The herrings are a family of related schooling fish that occupy the Atlantic and Pacific oceans as well as the Baltic Sea. There are three species of “true” herrings: the Atlantic (Clupea harengus), Pacific (Clupea pallasii), and the Araucanian herring, (Clupea bentincki). There are other similar species also called herrings as well as subspecies of true herrings. Within the larger herring family are the closely related shad and alewives, the freshwater herrings that spawn in lakes and ponds.
The herrings are smallish, streamlined fish with dark blue backs, silver bellies, and thin easily removed scales. These bountiful fish, eat plankton and live in schools composed of hundreds of thousands or even millions of similar sized fish. The name herring originates from Old English and Germanic roots. Either from words describing their gray color, or from an Old High German word for “host” as in their enormous schools.
A compelling argument can be made that herring, and their close relatives are the most important fish species. European fishermen have been harvesting herring for centuries. What was not eaten by the local population became a valuable trade item. But the oily meat is very soft, so salting and pickling were used to preserve herring. Smoked herring begins to appear in records around the 13th century and in the days before refrigeration, preserved herring had a distribution system second only to cod. An oft-quoted anecdote states how in the Middle Ages, preserved European herring could be found in markets as far away as Constantinople.
How Herring are Caught
Herring species are intensely fished by humans besides being a forage fish for many species. Today the majority of the Atlantic herring harvest is caught by mid-water trawls or by purse seine. Populations have historically gone through boom-and-bust cycles. As of the 2022 assessment, NOAA has declared Atlantic herring as “overfished” but “overfishing is not occurring”. What that means is this stock is being harvested sustainably, but the population is much lower than the target number. The fishing season occurs off the US East Coast from the spring through the fall.
Pacific herring are also an important commercial species; however, is also under rebuilding programs along its range. Other historically important stocks in Alaska have been closed off for decades. Both Atlantic and Pacific species of herring are also caught as bycatch in other fisheries, with hard caps on total bycatch allowed.
The Atlantic catch is sold fresh, frozen, and pickled for both domestic and foreign markets. Many of the tinned sardines in the US market are small herring, not true sardines. The catch is also a vital source of bait for the lobster fishery. The Pacific species fills a similar role, but is also harvested for its roe, which is exported to Asian markets.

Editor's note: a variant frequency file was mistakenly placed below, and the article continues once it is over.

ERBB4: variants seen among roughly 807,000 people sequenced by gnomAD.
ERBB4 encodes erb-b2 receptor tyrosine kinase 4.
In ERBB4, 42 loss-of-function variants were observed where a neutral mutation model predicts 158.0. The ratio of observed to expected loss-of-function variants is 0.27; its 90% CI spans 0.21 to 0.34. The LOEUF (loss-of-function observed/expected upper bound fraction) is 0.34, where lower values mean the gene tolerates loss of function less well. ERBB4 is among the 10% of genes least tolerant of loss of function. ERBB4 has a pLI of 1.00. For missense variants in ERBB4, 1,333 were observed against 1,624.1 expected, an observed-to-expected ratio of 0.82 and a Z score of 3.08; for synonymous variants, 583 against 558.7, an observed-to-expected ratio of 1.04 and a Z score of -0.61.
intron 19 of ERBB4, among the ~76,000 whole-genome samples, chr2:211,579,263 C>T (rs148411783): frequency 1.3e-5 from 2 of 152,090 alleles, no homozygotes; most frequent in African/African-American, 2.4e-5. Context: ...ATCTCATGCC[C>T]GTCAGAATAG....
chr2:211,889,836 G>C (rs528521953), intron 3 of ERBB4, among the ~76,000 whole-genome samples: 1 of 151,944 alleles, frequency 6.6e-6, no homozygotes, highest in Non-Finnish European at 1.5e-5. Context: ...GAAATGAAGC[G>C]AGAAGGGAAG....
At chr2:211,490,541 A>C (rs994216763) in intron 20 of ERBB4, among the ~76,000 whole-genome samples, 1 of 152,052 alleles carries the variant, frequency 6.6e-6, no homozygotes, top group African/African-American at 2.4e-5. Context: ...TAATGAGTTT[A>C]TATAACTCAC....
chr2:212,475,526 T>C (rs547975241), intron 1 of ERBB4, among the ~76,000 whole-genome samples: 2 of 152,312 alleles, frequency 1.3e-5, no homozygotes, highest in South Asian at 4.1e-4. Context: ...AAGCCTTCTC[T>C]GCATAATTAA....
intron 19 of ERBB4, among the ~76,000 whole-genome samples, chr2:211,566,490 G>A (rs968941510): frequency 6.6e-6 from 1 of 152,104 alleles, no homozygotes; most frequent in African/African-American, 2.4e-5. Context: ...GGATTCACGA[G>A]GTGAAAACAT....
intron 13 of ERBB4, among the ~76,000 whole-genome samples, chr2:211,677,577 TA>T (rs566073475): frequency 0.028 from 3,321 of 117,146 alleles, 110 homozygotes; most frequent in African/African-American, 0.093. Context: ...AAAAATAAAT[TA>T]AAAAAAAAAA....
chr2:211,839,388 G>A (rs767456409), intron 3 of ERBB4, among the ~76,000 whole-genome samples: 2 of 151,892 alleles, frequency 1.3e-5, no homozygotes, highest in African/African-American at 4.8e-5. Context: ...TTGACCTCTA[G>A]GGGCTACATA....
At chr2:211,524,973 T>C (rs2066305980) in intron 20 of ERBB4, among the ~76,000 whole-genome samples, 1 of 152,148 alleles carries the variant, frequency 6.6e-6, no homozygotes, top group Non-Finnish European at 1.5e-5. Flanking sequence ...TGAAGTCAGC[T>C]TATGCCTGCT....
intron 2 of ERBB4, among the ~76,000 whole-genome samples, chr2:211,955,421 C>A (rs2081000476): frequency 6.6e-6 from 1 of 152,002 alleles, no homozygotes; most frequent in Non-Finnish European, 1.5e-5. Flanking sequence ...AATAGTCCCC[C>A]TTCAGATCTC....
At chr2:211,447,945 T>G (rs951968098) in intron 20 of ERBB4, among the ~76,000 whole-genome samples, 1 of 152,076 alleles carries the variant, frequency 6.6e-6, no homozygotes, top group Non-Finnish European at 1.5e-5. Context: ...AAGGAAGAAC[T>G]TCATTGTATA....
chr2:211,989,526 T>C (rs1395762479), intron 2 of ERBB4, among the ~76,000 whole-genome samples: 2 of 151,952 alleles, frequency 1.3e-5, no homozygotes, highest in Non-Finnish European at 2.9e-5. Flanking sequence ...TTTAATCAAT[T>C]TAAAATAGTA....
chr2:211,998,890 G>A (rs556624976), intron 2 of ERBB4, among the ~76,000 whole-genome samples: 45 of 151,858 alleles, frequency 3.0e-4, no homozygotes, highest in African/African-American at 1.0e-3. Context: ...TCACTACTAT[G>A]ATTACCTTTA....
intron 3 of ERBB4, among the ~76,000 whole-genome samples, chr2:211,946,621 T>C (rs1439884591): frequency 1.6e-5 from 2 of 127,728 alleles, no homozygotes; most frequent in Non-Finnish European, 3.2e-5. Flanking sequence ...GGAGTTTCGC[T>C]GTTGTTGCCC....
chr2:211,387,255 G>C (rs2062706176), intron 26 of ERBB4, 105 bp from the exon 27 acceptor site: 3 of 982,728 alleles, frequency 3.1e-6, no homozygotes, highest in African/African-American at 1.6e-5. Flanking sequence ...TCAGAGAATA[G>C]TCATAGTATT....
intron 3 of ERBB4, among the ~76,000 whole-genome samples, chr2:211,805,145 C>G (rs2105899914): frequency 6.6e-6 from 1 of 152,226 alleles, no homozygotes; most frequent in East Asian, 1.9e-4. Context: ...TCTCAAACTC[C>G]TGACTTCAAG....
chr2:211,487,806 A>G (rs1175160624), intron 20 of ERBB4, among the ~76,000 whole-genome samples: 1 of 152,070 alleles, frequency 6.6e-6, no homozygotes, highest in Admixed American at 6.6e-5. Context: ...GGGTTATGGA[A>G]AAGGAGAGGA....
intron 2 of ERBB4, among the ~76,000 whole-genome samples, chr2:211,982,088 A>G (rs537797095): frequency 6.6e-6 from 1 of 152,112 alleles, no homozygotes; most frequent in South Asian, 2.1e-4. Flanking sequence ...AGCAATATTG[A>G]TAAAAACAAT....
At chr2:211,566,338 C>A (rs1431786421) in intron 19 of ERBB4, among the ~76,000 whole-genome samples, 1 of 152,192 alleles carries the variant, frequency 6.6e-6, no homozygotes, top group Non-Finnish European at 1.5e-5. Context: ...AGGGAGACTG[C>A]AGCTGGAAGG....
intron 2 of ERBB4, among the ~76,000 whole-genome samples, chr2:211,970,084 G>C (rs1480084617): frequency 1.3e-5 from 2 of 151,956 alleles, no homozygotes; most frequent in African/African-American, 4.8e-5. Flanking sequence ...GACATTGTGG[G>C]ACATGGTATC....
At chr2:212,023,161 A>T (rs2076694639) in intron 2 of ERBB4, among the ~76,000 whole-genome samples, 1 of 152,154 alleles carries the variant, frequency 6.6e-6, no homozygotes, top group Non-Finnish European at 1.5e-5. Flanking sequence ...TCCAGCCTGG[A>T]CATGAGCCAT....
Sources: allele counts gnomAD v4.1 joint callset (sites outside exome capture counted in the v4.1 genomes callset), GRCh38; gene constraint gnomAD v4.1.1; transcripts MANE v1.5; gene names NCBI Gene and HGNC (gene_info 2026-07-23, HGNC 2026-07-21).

Because of the delicate and oily flesh, herring do not last very long, only a few days under ideal conditions. In not so ideal conditions, they deteriorate right before your eyes. Herring is not a common sight in most American fish markets, but that also depends upon geography and culture. Herring is a fish that we should eat more of, but the strong flavor is not popular with the general public.
When you encounter fresh herring at a fish market, make sure to only choose fish that look like they were just caught. Unlike some other species, there is no way to mistake an old herring, they go limp and get so soft they start to fall apart. When in doubt, opt for flash frozen whole fish and prepare immediately after thawing.
Fresh or frozen herring can be baked, broiled, grilled, even fried but is perfect for smoking or pickling. Germany, Scandinavia and the Baltic countries all enjoy pickled and smoked herring served in various ways. Tins of smoked herring -kippers- and jars of pickled herring are often found in American supermarkets and specialty shops.
Herring is a small, oily fish with lots of flavor, so any similar fish would work as a replacement. Shad, which is a member of the herring family, could easily takes its place. Trout is also a good, flavorful substitute. Mackerel would be another good alternative with a lighter flesh and slightly milder flavor. Herring smoked or fresh could also be a richer alternative to the popular whitefish of the Great Lakes region.
Historic Recipe for Herring
To Pickle Herrings or Mackerel (1725)
Take the Fish, and cut off the Heads and Tails, gut them wash them, and dry them well; then take two Ounces and a half of Salt-petre, three Quarters of an Ounce of Jamaica Pepper, and a quarter and half quarter of White Pepper, and pound them small; an Ounce of Sweet Marjoram and Thyme chopp’d small: Mix all together and put some within and without the Fish; lay them in an Earthen Pan, the Roes at Top and cover them with White wine Vinegar; then set them into an Oven, not too hot for two Hours This is for Fifteen; and after this Rule, do as many as you please.From Head to Tale